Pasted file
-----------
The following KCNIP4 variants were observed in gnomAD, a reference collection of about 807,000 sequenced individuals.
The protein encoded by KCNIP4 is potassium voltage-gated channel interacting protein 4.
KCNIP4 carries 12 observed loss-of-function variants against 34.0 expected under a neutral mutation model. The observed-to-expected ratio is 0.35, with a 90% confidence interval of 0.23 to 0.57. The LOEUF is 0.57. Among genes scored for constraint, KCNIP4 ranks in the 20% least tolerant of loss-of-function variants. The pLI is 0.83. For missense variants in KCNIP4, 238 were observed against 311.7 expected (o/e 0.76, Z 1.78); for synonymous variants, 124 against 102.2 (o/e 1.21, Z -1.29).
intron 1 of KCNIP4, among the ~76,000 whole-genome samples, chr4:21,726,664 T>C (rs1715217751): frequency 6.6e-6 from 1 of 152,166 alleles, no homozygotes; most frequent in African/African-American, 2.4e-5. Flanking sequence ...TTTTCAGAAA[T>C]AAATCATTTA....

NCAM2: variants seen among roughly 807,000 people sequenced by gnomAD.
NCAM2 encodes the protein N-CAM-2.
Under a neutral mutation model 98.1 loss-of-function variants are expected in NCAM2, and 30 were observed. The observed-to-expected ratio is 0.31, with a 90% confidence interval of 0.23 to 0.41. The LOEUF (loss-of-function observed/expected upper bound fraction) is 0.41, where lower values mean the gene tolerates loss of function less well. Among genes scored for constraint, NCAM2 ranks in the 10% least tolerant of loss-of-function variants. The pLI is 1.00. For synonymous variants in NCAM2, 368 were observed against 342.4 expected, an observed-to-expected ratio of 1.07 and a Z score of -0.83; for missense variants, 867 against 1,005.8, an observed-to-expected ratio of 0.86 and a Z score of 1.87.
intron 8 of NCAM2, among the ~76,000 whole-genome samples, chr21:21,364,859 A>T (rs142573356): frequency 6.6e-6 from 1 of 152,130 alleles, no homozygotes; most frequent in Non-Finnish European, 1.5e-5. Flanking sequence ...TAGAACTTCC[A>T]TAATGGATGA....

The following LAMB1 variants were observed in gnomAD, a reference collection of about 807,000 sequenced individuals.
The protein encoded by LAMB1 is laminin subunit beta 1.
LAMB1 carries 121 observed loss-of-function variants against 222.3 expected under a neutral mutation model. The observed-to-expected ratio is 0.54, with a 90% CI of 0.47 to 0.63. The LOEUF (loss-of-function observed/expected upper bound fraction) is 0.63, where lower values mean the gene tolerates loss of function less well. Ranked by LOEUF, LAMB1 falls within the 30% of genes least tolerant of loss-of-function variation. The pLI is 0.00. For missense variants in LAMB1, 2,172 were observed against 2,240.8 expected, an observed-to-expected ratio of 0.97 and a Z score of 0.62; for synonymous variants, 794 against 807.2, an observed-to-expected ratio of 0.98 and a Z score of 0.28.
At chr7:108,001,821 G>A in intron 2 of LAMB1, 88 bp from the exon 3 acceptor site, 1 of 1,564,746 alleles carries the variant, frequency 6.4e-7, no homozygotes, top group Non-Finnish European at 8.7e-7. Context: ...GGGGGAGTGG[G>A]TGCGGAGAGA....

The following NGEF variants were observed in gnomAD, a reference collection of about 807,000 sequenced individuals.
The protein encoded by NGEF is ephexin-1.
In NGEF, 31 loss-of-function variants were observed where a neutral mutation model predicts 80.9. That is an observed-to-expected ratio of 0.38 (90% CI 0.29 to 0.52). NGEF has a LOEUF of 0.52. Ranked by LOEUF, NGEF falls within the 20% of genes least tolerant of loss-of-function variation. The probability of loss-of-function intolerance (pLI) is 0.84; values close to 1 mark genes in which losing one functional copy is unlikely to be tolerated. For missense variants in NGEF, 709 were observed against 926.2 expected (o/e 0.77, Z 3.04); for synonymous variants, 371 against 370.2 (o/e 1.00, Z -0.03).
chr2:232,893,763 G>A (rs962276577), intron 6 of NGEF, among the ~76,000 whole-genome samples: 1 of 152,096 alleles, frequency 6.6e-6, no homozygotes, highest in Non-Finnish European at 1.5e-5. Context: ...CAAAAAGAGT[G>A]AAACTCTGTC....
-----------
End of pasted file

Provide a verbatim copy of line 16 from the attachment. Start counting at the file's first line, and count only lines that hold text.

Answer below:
chr2:232,893,763 G>A (rs962276577), intron 6 of NGEF, among the ~76,000 whole-genome samples: 1 of 152,096 alleles, frequency 6.6e-6, no homozygotes, highest in Non-Finnish European at 1.5e-5. Context: ...CAAAAAGAGT[G>A]AAACTCTGTC....